Toronto Film Award Expected To Put 'Green Book' On Oscar Shortlists

Sep 17, 2018
Originally published on September 17, 2018 8:24 am
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STEVE INSKEEP, HOST:

The season of movie awards has begun. Yesterday the Toronto International Film Festival awarded the People's Choice Award to "Green Book," the true story of a black classical pianist and his white driver on a 1960s concert tour.

(SOUNDBITE OF FILM, "GREEN BOOK")

MAHERSHALA ALI: (As Don Shirley) Do you foresee any issues in working for a black man?

VIGGO MORTENSEN: (As Tony Lip) You in the Deep South - there's going to be problems.

INSKEEP: That is just one film at the Toronto festival attended by NPR critic Bob Mondello.

BOB MONDELLO, BYLINE: With nearly 350 features and shorts and attendance far above half a million, the Toronto International Film Fest is easily the largest in North America. Because of its timing, it can also be influential. Previous winners of the Grolsch Award include such Oscar contenders as "12 Years A Slave" and "La La Land." And this year, the competition included new films from the directors of both those movies. Director Steve McQueen was back with the socially conscious heist drama "Widows" starring Viola Davis.

(SOUNDBITE OF FILM, "WIDOWS")

ELIZABETH DEBICKI: (As Alice) Why should we trust you anyway?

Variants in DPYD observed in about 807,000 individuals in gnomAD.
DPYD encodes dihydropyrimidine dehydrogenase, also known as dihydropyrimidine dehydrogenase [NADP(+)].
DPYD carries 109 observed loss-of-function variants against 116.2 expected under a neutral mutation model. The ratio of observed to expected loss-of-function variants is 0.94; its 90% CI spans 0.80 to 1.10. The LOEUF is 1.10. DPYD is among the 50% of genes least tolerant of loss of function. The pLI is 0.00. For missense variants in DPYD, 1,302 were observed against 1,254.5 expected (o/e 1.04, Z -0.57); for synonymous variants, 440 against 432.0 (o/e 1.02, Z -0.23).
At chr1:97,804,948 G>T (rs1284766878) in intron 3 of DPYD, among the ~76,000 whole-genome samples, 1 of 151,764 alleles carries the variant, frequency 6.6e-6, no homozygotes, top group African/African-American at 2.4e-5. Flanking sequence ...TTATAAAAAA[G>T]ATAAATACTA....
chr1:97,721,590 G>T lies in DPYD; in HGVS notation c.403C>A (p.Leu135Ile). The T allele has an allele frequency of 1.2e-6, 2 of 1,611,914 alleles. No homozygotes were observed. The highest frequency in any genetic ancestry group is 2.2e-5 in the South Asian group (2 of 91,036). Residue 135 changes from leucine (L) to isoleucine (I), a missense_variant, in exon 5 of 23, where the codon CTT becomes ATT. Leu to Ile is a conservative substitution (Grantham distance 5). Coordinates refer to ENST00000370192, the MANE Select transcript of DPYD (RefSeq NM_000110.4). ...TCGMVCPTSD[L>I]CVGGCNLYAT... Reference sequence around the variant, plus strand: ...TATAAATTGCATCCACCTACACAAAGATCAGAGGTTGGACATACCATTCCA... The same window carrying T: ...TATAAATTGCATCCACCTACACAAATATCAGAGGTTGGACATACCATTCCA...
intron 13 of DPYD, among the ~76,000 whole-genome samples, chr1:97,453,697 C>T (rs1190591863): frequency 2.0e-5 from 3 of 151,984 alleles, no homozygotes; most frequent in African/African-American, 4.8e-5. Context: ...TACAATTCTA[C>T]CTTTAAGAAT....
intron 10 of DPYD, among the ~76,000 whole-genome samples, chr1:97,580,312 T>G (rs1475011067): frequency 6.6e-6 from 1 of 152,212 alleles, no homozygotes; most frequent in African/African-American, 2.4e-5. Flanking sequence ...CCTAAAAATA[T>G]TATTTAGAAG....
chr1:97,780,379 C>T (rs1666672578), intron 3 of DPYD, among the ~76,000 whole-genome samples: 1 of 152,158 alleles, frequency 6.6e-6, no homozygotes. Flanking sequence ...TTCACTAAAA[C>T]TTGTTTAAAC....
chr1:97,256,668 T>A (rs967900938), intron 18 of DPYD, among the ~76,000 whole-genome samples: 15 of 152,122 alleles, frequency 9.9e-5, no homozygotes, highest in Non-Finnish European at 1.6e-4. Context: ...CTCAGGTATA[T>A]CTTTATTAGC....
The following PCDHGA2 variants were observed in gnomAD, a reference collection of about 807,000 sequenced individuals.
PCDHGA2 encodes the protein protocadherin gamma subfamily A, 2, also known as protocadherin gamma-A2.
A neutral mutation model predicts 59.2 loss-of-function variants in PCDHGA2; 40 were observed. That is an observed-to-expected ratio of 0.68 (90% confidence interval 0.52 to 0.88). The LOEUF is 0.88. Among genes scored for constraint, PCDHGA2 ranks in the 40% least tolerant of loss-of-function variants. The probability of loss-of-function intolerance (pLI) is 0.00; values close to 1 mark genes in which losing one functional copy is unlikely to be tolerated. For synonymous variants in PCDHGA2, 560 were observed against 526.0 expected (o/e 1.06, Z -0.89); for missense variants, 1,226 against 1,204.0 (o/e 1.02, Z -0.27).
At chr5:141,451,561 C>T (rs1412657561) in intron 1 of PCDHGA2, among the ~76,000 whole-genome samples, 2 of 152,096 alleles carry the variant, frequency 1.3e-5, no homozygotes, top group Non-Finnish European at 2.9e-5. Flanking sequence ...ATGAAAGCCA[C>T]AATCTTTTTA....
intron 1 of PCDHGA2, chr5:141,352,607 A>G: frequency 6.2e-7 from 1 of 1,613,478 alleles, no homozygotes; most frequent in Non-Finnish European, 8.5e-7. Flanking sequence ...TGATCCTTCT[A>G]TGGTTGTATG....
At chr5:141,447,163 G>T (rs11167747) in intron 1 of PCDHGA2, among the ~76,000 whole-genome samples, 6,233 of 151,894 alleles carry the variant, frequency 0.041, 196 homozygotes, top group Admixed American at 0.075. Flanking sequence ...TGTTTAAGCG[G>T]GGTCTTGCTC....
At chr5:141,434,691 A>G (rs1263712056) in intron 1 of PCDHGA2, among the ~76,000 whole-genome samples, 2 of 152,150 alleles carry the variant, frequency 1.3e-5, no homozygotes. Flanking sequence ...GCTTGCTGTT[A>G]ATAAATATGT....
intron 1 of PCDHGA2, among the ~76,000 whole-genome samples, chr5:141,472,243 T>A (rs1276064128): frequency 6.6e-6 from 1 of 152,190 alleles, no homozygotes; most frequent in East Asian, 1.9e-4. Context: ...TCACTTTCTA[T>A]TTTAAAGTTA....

VIOLA DAVIS: (As Veronica) Because I'm the only one standing between you and a bullet in your head.

MONDELLO: And director Damien Chazelle teamed up again with his "La La Land" leading man, Ryan Gosling, to tell the story of Neil Armstrong's Apollo moon landing in "First Man."

(SOUNDBITE OF FILM, "FIRST MAN")

RYAN GOSLING: (As Neil Armstrong) You're down here and you look up, and you don't think about it too much. But space exploration changes your perception.

MONDELLO: Also attracting attention at the fest an updated "A Star Is Born" with Lady Gaga in a role previously associated with Judy Garland and Barbra Streisand and the two Grolsch Award runners-up - Roma, a black-and-white story inspired by director Alfonso Cuaron's childhood in Mexico, and a love story/social critique from "Moonlight's" director, Barry Jenkins, based on James Baldwin's novel "If Beale Street Could Talk."

(SOUNDBITE OF FILM, "IF BEALE STREET COULD TALK")

STEPHAN JAMES: (As Alonzo Hunt) I love you. You know that.

KIKI LAYNE: (As Tish Rivers) I do. And I understand what you're going through because I'm with you.

MONDELLO: Other films centered on headline issues from high-profile stories of drug addiction to films about politics and women and diversity. Just days after the Venice Film Fest fielded a competition slate of 21 movies with only one woman director represented, Toronto boasted that women had made 34 percent of the movies it screened.

And there was a push to broaden coverage at the festival as well. Film critics are overwhelmingly white and male. At the review aggregator Rotten Tomatoes, the ratio of top white male critics to top female critics is more than 30 to 1. So festival organizers added more than 200 new film writers to its list of attendees. And in case anyone missed the point, they included a documentary about Hollywood gender imbalance called "This Changes Everything."

I'm Bob Mondello.

(SOUNDBITE OF DO MAKE SAY THINK'S "BOUND AND BOUNDLESS") Transcript provided by NPR, Copyright NPR.